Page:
Quentin Tarantino

brutally cool by joshua brudich

Quentin Tarantino (b. 1963) is an American film director, screenwriter, producer, cinematographer, and actor. In the early 1990s, he began his career as an independent filmmaker with films employing nonlinear storylines and the aestheticization of violence.

His films include ‘Reservoir Dogs’ (1992), ‘Pulp Fiction’ (1994), ‘Jackie Brown’ (1997), ‘Kill Bill’ (2003, 2004), ‘Death Proof’ (2007), and ‘Inglourious Basterds’ (2009). His movies are generally characterized by stylistic influences from grindhouse, kung fu, and spaghetti western films. Tarantino also frequently collaborates with his friend and fellow filmmaker Robert Rodriguez.

Tarantino was born in Knoxville, Tennessee, the son of Tony Tarantino, an actor and amateur musician who was born in Queens, New York, and Connie McHugh, a nurse. Tarantino’s father is of Italian descent and his mother is of Irish and Cherokee ancestry. He was raised by his mother, as his parents separated before his birth. When he was two years old, he moved to Torrance, California and later to the Harbor City neighborhood where he went to Fleming Junior High School in Lomita and took drama classes. He attended Narbonne High School in Harbor City for his freshman year before dropping out of school at age 15, to attend an acting class full time at the James Best Theater Company in Toluca Lake. Quentin grew bored with the school and quit after two years, although he made a point of keeping in touch with all his acting friends. Then he landed a job which threatened to interfere with his long-term acting ambitions.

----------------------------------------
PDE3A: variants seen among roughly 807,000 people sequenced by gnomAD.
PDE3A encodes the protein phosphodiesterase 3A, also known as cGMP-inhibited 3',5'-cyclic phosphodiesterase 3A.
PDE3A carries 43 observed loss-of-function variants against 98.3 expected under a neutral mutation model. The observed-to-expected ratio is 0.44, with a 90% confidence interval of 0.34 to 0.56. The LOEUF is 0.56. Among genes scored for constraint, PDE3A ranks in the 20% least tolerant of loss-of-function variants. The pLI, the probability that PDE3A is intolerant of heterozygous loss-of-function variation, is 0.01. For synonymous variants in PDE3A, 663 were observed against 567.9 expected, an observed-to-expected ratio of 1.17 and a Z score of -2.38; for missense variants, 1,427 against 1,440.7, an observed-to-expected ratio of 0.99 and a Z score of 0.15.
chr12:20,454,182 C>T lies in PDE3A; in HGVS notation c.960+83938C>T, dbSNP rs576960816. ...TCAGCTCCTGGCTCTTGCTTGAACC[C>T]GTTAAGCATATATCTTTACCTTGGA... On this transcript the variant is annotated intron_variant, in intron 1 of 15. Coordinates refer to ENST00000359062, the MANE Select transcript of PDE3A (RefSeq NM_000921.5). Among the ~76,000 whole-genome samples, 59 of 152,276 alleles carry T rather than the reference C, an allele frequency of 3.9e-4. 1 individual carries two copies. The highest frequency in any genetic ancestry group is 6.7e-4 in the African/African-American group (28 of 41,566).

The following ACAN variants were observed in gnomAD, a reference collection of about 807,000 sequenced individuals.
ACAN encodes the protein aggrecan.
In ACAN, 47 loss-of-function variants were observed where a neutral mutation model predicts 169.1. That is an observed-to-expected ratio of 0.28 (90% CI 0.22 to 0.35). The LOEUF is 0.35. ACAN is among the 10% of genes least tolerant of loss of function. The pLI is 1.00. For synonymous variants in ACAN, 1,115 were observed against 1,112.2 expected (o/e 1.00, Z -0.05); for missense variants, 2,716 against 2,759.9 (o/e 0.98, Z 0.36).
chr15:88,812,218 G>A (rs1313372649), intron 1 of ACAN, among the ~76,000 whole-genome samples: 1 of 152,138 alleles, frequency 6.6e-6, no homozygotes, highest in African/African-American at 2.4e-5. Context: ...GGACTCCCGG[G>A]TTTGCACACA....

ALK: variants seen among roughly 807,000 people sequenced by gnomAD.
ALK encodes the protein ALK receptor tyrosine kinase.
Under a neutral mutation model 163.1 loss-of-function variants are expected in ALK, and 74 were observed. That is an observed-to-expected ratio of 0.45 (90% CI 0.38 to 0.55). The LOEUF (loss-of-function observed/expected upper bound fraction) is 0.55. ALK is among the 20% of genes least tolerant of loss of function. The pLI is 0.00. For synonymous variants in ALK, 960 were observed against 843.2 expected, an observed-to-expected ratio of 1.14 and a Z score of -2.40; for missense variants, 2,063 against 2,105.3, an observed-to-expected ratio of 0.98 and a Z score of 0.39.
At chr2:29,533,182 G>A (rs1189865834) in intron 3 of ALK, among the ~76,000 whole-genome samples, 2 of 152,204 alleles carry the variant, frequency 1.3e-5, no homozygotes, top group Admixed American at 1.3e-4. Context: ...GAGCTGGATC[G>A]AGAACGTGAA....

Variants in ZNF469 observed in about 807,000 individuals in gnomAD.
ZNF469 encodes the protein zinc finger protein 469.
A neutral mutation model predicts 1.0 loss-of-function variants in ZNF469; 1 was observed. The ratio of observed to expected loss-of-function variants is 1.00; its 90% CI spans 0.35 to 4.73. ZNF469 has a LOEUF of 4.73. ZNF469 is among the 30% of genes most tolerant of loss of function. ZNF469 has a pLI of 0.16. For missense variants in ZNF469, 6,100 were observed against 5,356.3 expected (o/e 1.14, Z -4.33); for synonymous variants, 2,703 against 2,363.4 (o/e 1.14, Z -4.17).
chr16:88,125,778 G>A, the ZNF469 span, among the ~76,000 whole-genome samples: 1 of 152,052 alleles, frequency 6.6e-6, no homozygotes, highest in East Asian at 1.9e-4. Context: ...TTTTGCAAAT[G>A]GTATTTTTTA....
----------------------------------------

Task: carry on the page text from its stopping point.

As an employee of the Video Archives, a now-defunct video rental store in Manhattan Beach, he and fellow movie enthusiasts, including Roger Avary, discussed cinema and customer video recommendations at length. He paid close attention to the types of films people liked to rent and has cited that experience as inspiration for his directorial career. Tarantino has been quoted as saying, ‘When people ask me if I went to film school I tell them, ‘no, I went to films.”

After Tarantino met Lawrence Bender at a Hollywood party, Bender encouraged him to write a screenplay. Tarantino directed and co-wrote a movie called ‘My Best Friend’s Birthday’ in 1987. The final reel of the film was almost fully destroyed in a lab fire that occurred during editing but its screenplay would form the basis for ‘True Romance.’ In 1992, Tarantino’s ‘Reservoir Dogs’ screened at the Sundance Film Festival and was an immediate hit. The film garnered critical acclaim. It was a dialogue-driven heist movie that set the tone for his later films. Tarantino wrote the script in three and a half weeks and Bender forwarded it to director Monte Hellman. Hellman helped Tarantino to secure funding from Richard Gladstein at Live Entertainment (which later became Artisan). Harvey Keitel read the script and also contributed to funding, taking a co-producer role, and a part in the movie.